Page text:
CityFibre hires 10,000 people to facilitate UK full-fibre roll-out
UK’s third national digital infrastructure platform provider creates thousands of multi-skilled jobs across network of construction partners to facilitate network deployment
With a country-wide full-fibre gigabit broadband network more important than ever to support the UK’s post-Brexit and post-Covid-19 recovery, former altnet turned network major CityFibre has today announced a three-year recruitment and training programme to provide up to 10,000 people with jobs upgrading its digital infrastructure to be fit for purpose.
In the Queen’s Speech on 19 December 2019, Boris Johnson’s then newly elected government indicated it would introduce laws to accelerate the delivery of gigabit-capable broadband across the UK by 2025, a legislative journey that began in January 2020. In addition, the 2020 Budget statement confirmed the UK government’s commitment to invest a total of £5bn to roll out full-fibre broadband across the country.
Yet recent research from WIK-Consult identified a number of key areas that need to be addressed before the UK government’s full-fibre targets can be realised.
The survey showed that while the UK has already achieved extensive coverage of superfast broadband, there were challenges associated with encouraging migration. Chief among these was that consumers may consider that superfast broadband meets their needs. In support of this point, WIK pointed to the fact that 30% of consumers were still using basic broadband.
The stakes are high in UK full-fibre rollout. A study from Assembly Research in April 2020, commissioned by Huawei, warned that a 12-month delay to achieving the 2025 goal of full coverage of gigabit-capable broadband would mean the UK missing out on £9.7bn of productivity benefits, while a two-year delay would see the UK miss out on £28.7bn. In addition to staying on target meaning a £51.4bn boost, the study projected that if everything remained on track over the next 10 years, the boost could total as much as £68.8bn by 2030.
Before the Covid-19 pandemic hit, CityFibre was riding the wave of the long-overdue but rapid expansion of the UK’s full fibre network. Its acquisition of FibreNation from UK internet service provider (ISP) TalkTalk Group saw the company almost double in size and effectively become the UK’s third national digital infrastructure platform.
And giving impetus to its rollout plans, CityFibre is now embarking on a recruitment plan that will include the identification and training of thousands of unemployed UK residents as well as new job opportunities for qualified and experienced construction and telecoms workers. Jobs will be created within CityFibre’s growing pool of network construction partners in order to make good on the promise of delivering the up to £4bn rollout of full fibre infrastructure to over 100 towns and cities.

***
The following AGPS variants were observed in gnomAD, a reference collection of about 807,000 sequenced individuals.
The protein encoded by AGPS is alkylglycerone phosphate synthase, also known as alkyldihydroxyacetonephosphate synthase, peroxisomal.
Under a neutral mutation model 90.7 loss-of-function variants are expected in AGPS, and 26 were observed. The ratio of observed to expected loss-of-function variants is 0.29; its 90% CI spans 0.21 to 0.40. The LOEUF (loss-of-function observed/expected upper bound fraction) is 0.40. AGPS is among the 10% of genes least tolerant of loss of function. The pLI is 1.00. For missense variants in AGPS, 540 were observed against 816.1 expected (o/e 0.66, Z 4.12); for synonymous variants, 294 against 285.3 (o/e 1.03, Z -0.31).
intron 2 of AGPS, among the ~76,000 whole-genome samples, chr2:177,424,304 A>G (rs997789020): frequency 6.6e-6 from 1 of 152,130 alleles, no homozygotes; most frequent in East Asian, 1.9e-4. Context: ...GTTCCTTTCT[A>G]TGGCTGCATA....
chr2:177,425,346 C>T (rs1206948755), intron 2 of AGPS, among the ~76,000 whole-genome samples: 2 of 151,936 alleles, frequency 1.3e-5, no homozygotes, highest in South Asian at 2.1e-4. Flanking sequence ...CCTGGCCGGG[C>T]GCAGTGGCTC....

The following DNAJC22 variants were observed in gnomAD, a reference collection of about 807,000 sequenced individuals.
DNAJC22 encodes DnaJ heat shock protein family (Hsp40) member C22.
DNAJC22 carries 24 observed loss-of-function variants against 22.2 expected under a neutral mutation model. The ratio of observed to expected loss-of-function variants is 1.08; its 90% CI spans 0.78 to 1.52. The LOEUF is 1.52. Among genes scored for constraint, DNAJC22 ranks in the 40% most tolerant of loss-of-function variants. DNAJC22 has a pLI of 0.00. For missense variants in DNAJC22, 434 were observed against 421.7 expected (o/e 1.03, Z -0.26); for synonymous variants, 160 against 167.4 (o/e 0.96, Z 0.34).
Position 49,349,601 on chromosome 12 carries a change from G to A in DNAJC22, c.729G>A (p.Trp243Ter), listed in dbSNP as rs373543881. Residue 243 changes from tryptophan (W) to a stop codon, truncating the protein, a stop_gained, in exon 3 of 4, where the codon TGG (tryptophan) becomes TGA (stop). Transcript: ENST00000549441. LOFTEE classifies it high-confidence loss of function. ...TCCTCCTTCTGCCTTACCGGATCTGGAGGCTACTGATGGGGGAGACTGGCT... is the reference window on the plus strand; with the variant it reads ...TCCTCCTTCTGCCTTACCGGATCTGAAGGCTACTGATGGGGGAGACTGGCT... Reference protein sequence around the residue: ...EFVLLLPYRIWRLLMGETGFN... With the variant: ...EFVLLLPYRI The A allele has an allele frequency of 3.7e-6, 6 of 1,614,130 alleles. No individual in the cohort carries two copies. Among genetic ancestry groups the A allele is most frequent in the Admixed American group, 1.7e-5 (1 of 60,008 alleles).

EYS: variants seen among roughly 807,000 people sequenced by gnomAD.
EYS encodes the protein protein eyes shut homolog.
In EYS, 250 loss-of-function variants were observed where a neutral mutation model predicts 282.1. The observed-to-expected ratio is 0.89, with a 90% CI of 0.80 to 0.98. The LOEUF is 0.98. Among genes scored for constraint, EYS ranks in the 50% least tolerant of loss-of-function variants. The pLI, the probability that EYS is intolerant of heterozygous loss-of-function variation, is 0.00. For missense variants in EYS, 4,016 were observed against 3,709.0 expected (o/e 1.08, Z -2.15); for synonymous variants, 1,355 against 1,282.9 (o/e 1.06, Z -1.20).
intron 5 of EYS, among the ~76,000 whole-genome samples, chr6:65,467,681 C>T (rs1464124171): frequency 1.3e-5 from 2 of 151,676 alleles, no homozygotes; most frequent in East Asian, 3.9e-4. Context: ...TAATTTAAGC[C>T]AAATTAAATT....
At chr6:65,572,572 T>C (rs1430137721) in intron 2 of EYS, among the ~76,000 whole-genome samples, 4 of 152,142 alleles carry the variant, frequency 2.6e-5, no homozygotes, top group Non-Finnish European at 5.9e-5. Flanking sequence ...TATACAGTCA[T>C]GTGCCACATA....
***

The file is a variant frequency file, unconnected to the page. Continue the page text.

Read more about UK gigabit broadband
- Trade body for independent network providers calls for progress towards delivery of ultrafast broadband to all parts of UK to continue despite current Covid-19 lockdown conditions.
- Report suggests BT in talks to sell off Openreach to fund £12bn build programme to extend FTTP network.
- New-build homes in UK to come gigabit-speed ready as UK government carries on with ambitious plans to roll out full-fibre across nation by 2025.
- Gigabit broadband for new homes essential to UK’s telecoms ambitions as UK digital minister outlines plans to develop UK’s telecoms infrastructure to make it fit for the future.
Recruitment campaigns to identify the first wave of trainees will begin later in June 2020. The programme will target specific groups including service-leavers and those now unemployed as a result of the coronavirus crisis.
The company stressed that its recruitment campaign would also seek to attract more women and individuals from Black, Asian and Minority Ethnic (BAME) backgrounds, groups that it said were “significantly under-represented” in the construction industry. Construction Industry Training Board figures cited by CityFibre showed that just 16% of construction employees are female, and only 7% are from BAME backgrounds.
CityFibre added that it will also work closely with a network of national employment and recruitment partners including The Department of Work and Pensions, Construction Industry Training Board and the Career Transition Partnership as well as a number of other specialists such as the Women's Engineering Society.
Wherever possible, individuals will be recruited from the town or city identified for roll-out to boost local employment and economies. CityFibre will continue to work closely with Local Authorities to identify local partners through which it can promote and deliver the programme.
Commenting on the recruitment programme and its aims and expectations, Steve Holliday, chairman at CityFibre, said: “In the wake of the Coronavirus, delivering the government’s target of full fibre nationwide by 2025 could not be more important,” he said.
“Of all the infrastructure projects and industrial policies under consideration, full fibre will have the biggest impact in the shortest time, and for the least public money. It will help ensure that the UK not only recovers economically, but that it swiftly transitions to a greener, smarter and fairer economy in which to thrive. We’re delighted to launch our training and recruitment programme creating up to 10,000 jobs in such a critical and vibrant sector.”
Individuals interested in training and career opportunities supporting CityFibre’s rollout can register their interest at www.cityfibre.com/buildfibre.